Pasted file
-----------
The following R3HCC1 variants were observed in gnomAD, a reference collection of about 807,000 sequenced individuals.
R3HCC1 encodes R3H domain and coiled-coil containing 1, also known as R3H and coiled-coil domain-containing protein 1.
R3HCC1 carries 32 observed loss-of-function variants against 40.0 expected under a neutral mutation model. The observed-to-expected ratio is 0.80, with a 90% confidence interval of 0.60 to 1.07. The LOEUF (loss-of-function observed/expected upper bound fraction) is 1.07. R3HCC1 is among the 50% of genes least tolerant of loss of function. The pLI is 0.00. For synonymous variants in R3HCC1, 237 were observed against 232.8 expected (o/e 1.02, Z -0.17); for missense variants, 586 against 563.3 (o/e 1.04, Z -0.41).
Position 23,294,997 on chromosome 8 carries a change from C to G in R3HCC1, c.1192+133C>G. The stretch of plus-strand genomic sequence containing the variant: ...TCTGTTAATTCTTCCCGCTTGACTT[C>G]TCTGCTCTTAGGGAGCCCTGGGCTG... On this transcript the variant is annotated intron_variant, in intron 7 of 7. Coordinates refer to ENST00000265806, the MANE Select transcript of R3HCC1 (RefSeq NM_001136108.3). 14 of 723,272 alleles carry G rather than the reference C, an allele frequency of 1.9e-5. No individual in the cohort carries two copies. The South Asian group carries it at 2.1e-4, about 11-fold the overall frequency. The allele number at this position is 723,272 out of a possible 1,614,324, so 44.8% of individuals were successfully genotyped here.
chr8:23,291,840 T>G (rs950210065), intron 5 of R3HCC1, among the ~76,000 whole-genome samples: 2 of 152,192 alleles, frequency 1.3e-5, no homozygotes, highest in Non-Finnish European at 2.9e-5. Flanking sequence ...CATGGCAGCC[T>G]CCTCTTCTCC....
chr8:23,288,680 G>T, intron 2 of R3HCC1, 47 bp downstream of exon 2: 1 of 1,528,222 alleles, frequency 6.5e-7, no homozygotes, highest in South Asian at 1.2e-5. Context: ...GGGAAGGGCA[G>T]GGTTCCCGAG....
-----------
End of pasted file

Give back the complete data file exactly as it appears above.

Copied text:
The following R3HCC1 variants were observed in gnomAD, a reference collection of about 807,000 sequenced individuals.
R3HCC1 encodes R3H domain and coiled-coil containing 1, also known as R3H and coiled-coil domain-containing protein 1.
R3HCC1 carries 32 observed loss-of-function variants against 40.0 expected under a neutral mutation model. The observed-to-expected ratio is 0.80, with a 90% confidence interval of 0.60 to 1.07. The LOEUF (loss-of-function observed/expected upper bound fraction) is 1.07. R3HCC1 is among the 50% of genes least tolerant of loss of function. The pLI is 0.00. For synonymous variants in R3HCC1, 237 were observed against 232.8 expected (o/e 1.02, Z -0.17); for missense variants, 586 against 563.3 (o/e 1.04, Z -0.41).
Position 23,294,997 on chromosome 8 carries a change from C to G in R3HCC1, c.1192+133C>G. The stretch of plus-strand genomic sequence containing the variant: ...TCTGTTAATTCTTCCCGCTTGACTT[C>G]TCTGCTCTTAGGGAGCCCTGGGCTG... On this transcript the variant is annotated intron_variant, in intron 7 of 7. Coordinates refer to ENST00000265806, the MANE Select transcript of R3HCC1 (RefSeq NM_001136108.3). 14 of 723,272 alleles carry G rather than the reference C, an allele frequency of 1.9e-5. No individual in the cohort carries two copies. The South Asian group carries it at 2.1e-4, about 11-fold the overall frequency. The allele number at this position is 723,272 out of a possible 1,614,324, so 44.8% of individuals were successfully genotyped here.
chr8:23,291,840 T>G (rs950210065), intron 5 of R3HCC1, among the ~76,000 whole-genome samples: 2 of 152,192 alleles, frequency 1.3e-5, no homozygotes, highest in Non-Finnish European at 2.9e-5. Flanking sequence ...CATGGCAGCC[T>G]CCTCTTCTCC....
chr8:23,288,680 G>T, intron 2 of R3HCC1, 47 bp downstream of exon 2: 1 of 1,528,222 alleles, frequency 6.5e-7, no homozygotes, highest in South Asian at 1.2e-5. Context: ...GGGAAGGGCA[G>T]GGTTCCCGAG....